Study Reveals a Higher Risk for Invasive Pneumococcal Disease among IBD Patients

Study Reveals a Higher Risk for Invasive Pneumococcal Disease among IBD Patients

A new study from Statens Serum Institut in Copenhagen, Denmark reports that Inflammatory Bowel Disease (IBD) patients present a higher risk of invasive pneumococcal disease (IPD), before and after diagnosis. The study, entitled “Inflammatory Bowel Disease Patients Are at Increased Risk of Invasive Pneumococcal Disease: A Nationwide Danish Cohort Study 1977–2013”, was published in The American Journal of Gastroenterology.

IBD is a chronic, potentially life-threatening disease, caused by an exacerbated and inappropriate immune response, leading to inflammation of the digestive tract. This response, together with immunosuppressive medication used to treat it, can lead to a higher risk of bacterial infection, as explained in a news release by the study’s first author Bjørn Kantsø, MSc, from the Department of Microbiological Diagnostics and Virology at Statens Serum Institut in Copenhagen, “The inappropriate innate immune response against infective agents observed in patients with IBD is hypothesized to increase the risk of bacterial infections. Also, treatment with immunomodulators has been suspected to increase the risk of bacterial infection in patients with IBD.”

The team of researchers studied the risk for IPD infection among IBD patients when compared to the general population, before and after diagnosis, and also how this risk was changed by IBD medication, namely azathioprine. The study included 74,156 IBD patients, from whom 29.8% had Crohn’s disease  (CD) and 70.2% ulcerative colitis (UC), and 1,482,363 non-IBD controls.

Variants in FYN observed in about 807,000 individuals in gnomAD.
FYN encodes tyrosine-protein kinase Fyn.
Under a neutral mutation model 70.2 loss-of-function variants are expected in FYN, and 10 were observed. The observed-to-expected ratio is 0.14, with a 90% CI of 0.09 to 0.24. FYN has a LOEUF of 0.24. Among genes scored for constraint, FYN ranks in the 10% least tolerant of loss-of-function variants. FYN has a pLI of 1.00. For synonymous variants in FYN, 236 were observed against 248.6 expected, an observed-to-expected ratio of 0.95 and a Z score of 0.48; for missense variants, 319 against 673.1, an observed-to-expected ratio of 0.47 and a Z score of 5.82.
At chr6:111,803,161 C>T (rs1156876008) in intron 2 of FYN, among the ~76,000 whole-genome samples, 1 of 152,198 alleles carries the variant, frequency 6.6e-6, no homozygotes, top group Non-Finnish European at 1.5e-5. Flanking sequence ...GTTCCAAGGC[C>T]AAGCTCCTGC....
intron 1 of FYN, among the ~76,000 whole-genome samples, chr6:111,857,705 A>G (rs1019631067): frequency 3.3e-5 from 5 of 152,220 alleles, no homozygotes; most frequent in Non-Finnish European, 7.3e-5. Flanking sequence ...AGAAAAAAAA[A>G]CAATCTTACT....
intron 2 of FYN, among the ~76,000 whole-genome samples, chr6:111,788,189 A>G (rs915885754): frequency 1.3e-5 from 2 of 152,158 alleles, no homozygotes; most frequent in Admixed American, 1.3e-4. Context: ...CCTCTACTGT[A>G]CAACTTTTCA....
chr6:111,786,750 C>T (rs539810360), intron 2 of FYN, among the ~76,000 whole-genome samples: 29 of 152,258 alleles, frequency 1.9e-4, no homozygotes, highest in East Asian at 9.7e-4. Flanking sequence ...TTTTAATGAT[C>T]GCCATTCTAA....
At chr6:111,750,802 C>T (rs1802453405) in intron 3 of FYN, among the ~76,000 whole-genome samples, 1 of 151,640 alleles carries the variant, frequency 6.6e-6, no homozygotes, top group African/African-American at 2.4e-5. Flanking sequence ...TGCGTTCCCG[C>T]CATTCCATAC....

Results showed a significantly higher risk to develop IPD for IBD patients when compared to the controls. Specifically, UC patients presented a 1.5 higher risk for IPD and CD patients presented an even higher risk (3 times more likely), when compared to the control population. Regarding variation of risk before and after diagnosis, researchers concluded that up until 1 year after IBD diagnosis, CD patients presented an almost 3 times higher risk, and UC patients had twice the risk in the same time-frame, when compared to the controls. This risk decreased for both diseases 2 to 4 years after IBD diagnosis. Up to 4 years before IBD diagnosis, the risk for IPD was increased for both CD and UC patients. The use of azathioprine was also correlated to higher risk for IPD.

This research is especially important in terms of disease prevention, as highlighted by the team, “The finding in this study highlights the numerous recommendations on routine pneumococcal vaccination,” Kantsø stated “However, it is uncertain whether these recommendations are followed.”

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